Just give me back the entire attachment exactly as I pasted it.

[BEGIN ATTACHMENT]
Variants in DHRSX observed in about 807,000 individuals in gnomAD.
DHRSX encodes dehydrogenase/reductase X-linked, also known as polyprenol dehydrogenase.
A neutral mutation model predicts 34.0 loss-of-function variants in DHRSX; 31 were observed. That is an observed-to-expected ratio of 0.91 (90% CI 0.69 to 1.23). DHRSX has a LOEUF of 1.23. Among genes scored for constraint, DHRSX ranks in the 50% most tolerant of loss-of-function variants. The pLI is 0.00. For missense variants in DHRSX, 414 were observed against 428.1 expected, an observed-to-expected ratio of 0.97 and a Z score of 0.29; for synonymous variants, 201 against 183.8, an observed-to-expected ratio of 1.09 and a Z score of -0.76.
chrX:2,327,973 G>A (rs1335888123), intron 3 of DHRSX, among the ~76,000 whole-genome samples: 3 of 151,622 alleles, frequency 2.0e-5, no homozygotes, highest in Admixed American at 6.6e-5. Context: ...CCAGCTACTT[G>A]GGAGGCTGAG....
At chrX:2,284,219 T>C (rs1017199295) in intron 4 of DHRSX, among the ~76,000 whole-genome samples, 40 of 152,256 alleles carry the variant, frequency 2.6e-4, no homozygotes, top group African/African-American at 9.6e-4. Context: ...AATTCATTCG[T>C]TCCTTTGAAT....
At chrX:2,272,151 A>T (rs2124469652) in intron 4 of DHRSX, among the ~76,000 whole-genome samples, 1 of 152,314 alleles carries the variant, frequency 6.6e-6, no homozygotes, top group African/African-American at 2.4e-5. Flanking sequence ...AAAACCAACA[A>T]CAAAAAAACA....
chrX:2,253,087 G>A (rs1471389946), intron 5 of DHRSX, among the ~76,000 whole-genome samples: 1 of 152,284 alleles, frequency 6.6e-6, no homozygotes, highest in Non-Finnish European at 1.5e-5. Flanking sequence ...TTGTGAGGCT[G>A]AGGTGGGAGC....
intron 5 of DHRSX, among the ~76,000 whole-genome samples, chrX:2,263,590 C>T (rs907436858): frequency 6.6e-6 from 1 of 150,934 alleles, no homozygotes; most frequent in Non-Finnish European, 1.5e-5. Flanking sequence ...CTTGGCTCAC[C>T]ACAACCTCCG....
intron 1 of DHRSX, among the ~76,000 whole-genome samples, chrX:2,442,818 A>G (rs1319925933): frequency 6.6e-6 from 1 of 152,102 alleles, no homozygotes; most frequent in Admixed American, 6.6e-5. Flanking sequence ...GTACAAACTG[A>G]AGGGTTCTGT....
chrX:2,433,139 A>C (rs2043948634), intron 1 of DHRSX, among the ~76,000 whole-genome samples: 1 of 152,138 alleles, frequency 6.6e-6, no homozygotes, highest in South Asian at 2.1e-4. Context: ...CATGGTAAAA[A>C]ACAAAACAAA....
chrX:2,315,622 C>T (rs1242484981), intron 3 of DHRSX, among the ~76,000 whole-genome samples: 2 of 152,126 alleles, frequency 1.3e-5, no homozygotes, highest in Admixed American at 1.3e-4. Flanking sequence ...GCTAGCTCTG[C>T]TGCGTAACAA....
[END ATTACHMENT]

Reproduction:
Variants in DHRSX observed in about 807,000 individuals in gnomAD.
DHRSX encodes dehydrogenase/reductase X-linked, also known as polyprenol dehydrogenase.
A neutral mutation model predicts 34.0 loss-of-function variants in DHRSX; 31 were observed. That is an observed-to-expected ratio of 0.91 (90% CI 0.69 to 1.23). DHRSX has a LOEUF of 1.23. Among genes scored for constraint, DHRSX ranks in the 50% most tolerant of loss-of-function variants. The pLI is 0.00. For missense variants in DHRSX, 414 were observed against 428.1 expected, an observed-to-expected ratio of 0.97 and a Z score of 0.29; for synonymous variants, 201 against 183.8, an observed-to-expected ratio of 1.09 and a Z score of -0.76.
chrX:2,327,973 G>A (rs1335888123), intron 3 of DHRSX, among the ~76,000 whole-genome samples: 3 of 151,622 alleles, frequency 2.0e-5, no homozygotes, highest in Admixed American at 6.6e-5. Context: ...CCAGCTACTT[G>A]GGAGGCTGAG....
At chrX:2,284,219 T>C (rs1017199295) in intron 4 of DHRSX, among the ~76,000 whole-genome samples, 40 of 152,256 alleles carry the variant, frequency 2.6e-4, no homozygotes, top group African/African-American at 9.6e-4. Context: ...AATTCATTCG[T>C]TCCTTTGAAT....
At chrX:2,272,151 A>T (rs2124469652) in intron 4 of DHRSX, among the ~76,000 whole-genome samples, 1 of 152,314 alleles carries the variant, frequency 6.6e-6, no homozygotes, top group African/African-American at 2.4e-5. Flanking sequence ...AAAACCAACA[A>T]CAAAAAAACA....
chrX:2,253,087 G>A (rs1471389946), intron 5 of DHRSX, among the ~76,000 whole-genome samples: 1 of 152,284 alleles, frequency 6.6e-6, no homozygotes, highest in Non-Finnish European at 1.5e-5. Flanking sequence ...TTGTGAGGCT[G>A]AGGTGGGAGC....
intron 5 of DHRSX, among the ~76,000 whole-genome samples, chrX:2,263,590 C>T (rs907436858): frequency 6.6e-6 from 1 of 150,934 alleles, no homozygotes; most frequent in Non-Finnish European, 1.5e-5. Flanking sequence ...CTTGGCTCAC[C>T]ACAACCTCCG....
intron 1 of DHRSX, among the ~76,000 whole-genome samples, chrX:2,442,818 A>G (rs1319925933): frequency 6.6e-6 from 1 of 152,102 alleles, no homozygotes; most frequent in Admixed American, 6.6e-5. Flanking sequence ...GTACAAACTG[A>G]AGGGTTCTGT....
chrX:2,433,139 A>C (rs2043948634), intron 1 of DHRSX, among the ~76,000 whole-genome samples: 1 of 152,138 alleles, frequency 6.6e-6, no homozygotes, highest in South Asian at 2.1e-4. Context: ...CATGGTAAAA[A>C]ACAAAACAAA....
chrX:2,315,622 C>T (rs1242484981), intron 3 of DHRSX, among the ~76,000 whole-genome samples: 2 of 152,126 alleles, frequency 1.3e-5, no homozygotes, highest in Admixed American at 1.3e-4. Flanking sequence ...GCTAGCTCTG[C>T]TGCGTAACAA....